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Experts say decades of managing tribal forest helped stop Wallow Fire at reservation

Published: Monday, December 12, 2011

Updated: Thursday, January 12, 2012 17:01

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Brandon Quester • CNS

Butch Gregg, a forester technician with the Bureau of Indian Affairs, uses a drip torch filled with a mixture of gasoline and kerosene to light wood piles in a season-ending forest-treatment near the tribal community of McNary.

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Brandon Quester • CNS

Orlando Carroll, left, timber sales forester, and Jonathan Brooks, tribal forest manager, with the White Mountain Apache Tribe talk about the impact to tribal land from the 2011 Wallow Fire while walking near the boundary to tribal land and the Apache-Sitgreaves National Forests.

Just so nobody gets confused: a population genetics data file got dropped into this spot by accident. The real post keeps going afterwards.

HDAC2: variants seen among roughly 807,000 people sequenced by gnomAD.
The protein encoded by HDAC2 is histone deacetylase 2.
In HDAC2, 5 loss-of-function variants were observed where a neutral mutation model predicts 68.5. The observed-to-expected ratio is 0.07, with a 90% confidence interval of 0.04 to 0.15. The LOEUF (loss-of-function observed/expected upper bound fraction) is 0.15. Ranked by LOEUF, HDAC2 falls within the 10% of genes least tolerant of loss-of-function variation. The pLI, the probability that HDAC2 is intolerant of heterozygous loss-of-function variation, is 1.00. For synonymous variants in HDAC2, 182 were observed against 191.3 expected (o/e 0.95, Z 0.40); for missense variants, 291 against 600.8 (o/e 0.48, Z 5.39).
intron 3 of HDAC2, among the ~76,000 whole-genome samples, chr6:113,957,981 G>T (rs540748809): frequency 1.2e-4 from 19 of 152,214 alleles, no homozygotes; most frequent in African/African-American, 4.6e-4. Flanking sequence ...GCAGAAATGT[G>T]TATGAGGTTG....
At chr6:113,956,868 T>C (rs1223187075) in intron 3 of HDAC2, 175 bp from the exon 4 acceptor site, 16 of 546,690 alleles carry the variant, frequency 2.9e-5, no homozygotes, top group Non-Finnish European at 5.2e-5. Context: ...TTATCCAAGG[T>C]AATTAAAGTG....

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Brandon Quester • CNS

Jim Pitts, a forest health and growth expert with Apache-Sitgreaves National Forests, explains growth patterns in a tree that was cut in a forest-thinnning treatment.

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Brandon Quester • CNS

Jim Zornes, deputy forest supervisor with Apache-Sitgreaves National Forests, points to a burn progression map of the Wallow Fire.

"The big question is: Is the Forest Service going to come along with these strategies?" McKinnon said. "And that's uncertain."

NAU's Covington said time is running out.

"We've got to get it done within the next couple of decades," he said. "If we've lost a million acres in the last decade, we could lose a lot more soon."

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